Thursday, August 19, 2010


Mogote, Colorado, on the banks of the Conejos River.

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Sunday, August 15, 2010


Some RV’ers elect to install one very large inverter to provide all of their household voltage needs. Some run microwaves, coffee makers, hair dryers and so on and so forth.

Inverters come in all sizes and with lots of features including a wireless remote control. They can be quite expensive. Smaller inverters can be quite the opposite and are readily available locally.

We thought about our camping style and our voltage needs at various times of the day. Our findings kind of surprised us. We realized that we were using our generator un necessarily and that for the most part, a couple of smaller inverters would serve us well. Our goal became to  significantly reduce our generator use and improve the quality of our camping experience.

Our first inverter to install was a salvaged out 400 watt unit, from a battery jumper pack. Here it is to the right of the solar controller:


Using this inverter as a test platform, we checked the actual current draws of our various appliances with our Kill A Watt meter.


This photo shows the current draw through the inverter that supplies the office slide out where the 32’ TV , Satellite receiver, two FRS radios and the laptop are being used.

We really enjoy being able to run all that stuff while quietly chatting about the wildlife we see out of the picture window, because the generator isn’t running to disturb them.

Our next inverter to install was a 200 watt unit that normally supplies all of the power that is needed in the office. Here is a look at it:


These two inverters are mounted side by side in the trailer basement. On those occasions when the load requirements in the office are higher than normal, it is easy to switch the office circuit from the 200 watt to the 400 watt inverter.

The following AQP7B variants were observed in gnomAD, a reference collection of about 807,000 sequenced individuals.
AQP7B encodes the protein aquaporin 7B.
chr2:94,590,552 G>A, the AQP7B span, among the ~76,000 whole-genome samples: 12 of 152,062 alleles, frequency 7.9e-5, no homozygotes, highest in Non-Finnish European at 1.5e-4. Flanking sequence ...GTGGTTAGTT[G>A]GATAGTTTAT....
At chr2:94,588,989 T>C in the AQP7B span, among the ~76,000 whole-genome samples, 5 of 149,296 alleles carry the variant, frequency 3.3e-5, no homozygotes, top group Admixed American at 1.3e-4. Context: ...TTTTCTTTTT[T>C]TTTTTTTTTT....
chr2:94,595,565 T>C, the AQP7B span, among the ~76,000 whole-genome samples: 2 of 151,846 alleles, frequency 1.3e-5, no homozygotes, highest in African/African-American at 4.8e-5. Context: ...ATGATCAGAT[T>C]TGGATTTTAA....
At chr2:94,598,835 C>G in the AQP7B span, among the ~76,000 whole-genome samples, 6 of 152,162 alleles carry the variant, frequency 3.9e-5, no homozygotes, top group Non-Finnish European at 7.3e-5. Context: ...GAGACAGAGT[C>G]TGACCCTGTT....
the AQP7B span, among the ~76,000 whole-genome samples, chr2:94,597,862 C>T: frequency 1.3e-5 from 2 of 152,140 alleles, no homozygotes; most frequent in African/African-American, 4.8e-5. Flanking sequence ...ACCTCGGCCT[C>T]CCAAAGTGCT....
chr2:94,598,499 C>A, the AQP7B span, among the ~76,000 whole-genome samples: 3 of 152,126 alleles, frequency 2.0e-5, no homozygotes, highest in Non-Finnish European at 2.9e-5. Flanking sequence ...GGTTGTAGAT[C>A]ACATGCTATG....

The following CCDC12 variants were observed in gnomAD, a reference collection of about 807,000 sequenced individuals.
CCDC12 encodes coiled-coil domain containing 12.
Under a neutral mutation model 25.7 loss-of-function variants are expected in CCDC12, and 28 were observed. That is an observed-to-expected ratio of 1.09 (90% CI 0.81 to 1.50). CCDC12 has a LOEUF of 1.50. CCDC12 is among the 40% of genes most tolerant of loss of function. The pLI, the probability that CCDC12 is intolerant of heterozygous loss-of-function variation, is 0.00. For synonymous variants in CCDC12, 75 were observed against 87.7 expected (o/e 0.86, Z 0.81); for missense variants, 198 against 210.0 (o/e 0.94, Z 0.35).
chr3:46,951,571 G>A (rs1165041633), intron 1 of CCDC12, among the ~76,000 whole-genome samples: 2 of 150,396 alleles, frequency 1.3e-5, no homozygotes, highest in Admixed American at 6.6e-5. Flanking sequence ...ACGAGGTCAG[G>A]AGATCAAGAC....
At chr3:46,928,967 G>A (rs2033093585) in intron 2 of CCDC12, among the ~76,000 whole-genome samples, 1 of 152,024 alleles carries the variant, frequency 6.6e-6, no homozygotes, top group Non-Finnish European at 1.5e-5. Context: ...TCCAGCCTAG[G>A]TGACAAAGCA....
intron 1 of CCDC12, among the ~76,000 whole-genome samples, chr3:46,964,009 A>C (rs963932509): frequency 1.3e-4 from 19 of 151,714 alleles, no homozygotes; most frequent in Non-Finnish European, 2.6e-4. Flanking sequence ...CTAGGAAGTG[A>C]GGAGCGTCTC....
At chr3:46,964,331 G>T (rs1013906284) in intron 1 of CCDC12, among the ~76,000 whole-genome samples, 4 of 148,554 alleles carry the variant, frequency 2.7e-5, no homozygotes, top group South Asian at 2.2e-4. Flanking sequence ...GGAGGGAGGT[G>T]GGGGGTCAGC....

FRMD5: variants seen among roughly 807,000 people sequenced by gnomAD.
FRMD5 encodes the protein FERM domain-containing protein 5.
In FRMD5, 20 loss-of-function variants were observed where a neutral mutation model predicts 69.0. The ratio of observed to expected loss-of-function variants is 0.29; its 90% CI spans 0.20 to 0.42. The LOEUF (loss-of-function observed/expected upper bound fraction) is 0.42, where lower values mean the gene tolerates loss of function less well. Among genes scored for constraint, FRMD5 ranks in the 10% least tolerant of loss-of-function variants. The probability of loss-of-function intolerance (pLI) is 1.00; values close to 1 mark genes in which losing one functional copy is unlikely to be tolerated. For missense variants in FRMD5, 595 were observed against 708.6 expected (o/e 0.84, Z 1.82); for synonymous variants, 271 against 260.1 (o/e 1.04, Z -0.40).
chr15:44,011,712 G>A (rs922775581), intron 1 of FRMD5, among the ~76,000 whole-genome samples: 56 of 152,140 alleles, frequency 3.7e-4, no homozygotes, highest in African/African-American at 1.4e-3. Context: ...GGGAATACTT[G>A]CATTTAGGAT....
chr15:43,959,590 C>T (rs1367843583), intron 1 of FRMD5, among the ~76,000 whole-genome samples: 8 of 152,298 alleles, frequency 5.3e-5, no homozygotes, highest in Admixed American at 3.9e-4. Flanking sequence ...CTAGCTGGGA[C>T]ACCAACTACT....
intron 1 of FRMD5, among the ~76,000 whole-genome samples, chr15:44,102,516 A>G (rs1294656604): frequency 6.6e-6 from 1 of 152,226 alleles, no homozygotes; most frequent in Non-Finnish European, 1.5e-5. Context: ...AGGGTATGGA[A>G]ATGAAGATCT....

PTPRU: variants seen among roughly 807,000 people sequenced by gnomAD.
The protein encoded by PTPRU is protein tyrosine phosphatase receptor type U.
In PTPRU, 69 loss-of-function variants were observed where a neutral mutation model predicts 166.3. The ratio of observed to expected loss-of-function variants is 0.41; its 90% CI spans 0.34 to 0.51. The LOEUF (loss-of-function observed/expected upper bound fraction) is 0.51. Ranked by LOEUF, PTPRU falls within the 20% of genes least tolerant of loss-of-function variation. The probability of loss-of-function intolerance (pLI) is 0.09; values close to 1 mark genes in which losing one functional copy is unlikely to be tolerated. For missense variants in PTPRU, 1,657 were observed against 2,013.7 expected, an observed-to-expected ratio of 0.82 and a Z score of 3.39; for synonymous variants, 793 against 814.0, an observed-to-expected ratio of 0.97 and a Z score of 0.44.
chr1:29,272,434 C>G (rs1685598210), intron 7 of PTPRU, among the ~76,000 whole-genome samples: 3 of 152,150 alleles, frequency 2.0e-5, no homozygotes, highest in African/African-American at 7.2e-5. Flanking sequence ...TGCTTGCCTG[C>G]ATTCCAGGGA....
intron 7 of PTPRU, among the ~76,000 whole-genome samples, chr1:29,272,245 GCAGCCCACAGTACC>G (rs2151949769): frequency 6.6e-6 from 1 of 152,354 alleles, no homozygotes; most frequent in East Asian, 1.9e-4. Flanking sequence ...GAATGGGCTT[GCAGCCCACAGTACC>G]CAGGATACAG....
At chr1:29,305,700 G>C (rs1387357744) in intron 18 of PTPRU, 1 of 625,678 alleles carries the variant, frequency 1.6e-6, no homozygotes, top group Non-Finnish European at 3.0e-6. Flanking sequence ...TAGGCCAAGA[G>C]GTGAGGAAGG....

The 400 watt inverter is mostly used for running appliances such as the pancake air compressor when checking tire pressure or fixing a flat.


Tuesday, August 10, 2010


Here is a look at the roof of SPF60, our nick name for  our Coleman model 325 fifth wheel. Even though the thing is nearly 36’ long, it’s beginning to look a bit crowded up there.100_2010

The four Solar panels consist of,  a couple of kits that are sold by Camping world that have a charge controller in each kit. Each panel is rated at about 125 watts output for a total of about 500 watts of solar power on the roof.


This solar controller, blue and gray, on the left, monitors the amperage going from the roof mounted panels, down  into the battery’s. The controller is located down in the basement and is readily accessible should it need to be consulted. This photo was taken about 10am. The amps to the battery’s is usually in the neighborhood of 22 to 25 amps when the sun is directly overhead.

Why isn’t the controller located up inside the trailer in a prominent location where it can be readily monitored ?  The short of that, is that we don’t want another system to have to operate, it just needs to get what energy is available from the sun and store it in the battery’s. We don’t want to worry over a few more watts of efficiency. We think it should be a plug it in and forget it system. If it quits working ( the TV won’t come on ), then we’ll look into it.

My initial plan was to divide the solar system into two separate stand alone systems of 250 watts each. Later I decided that would un necessarily complicate what I wanted to be a simple and dependable, plug and play system.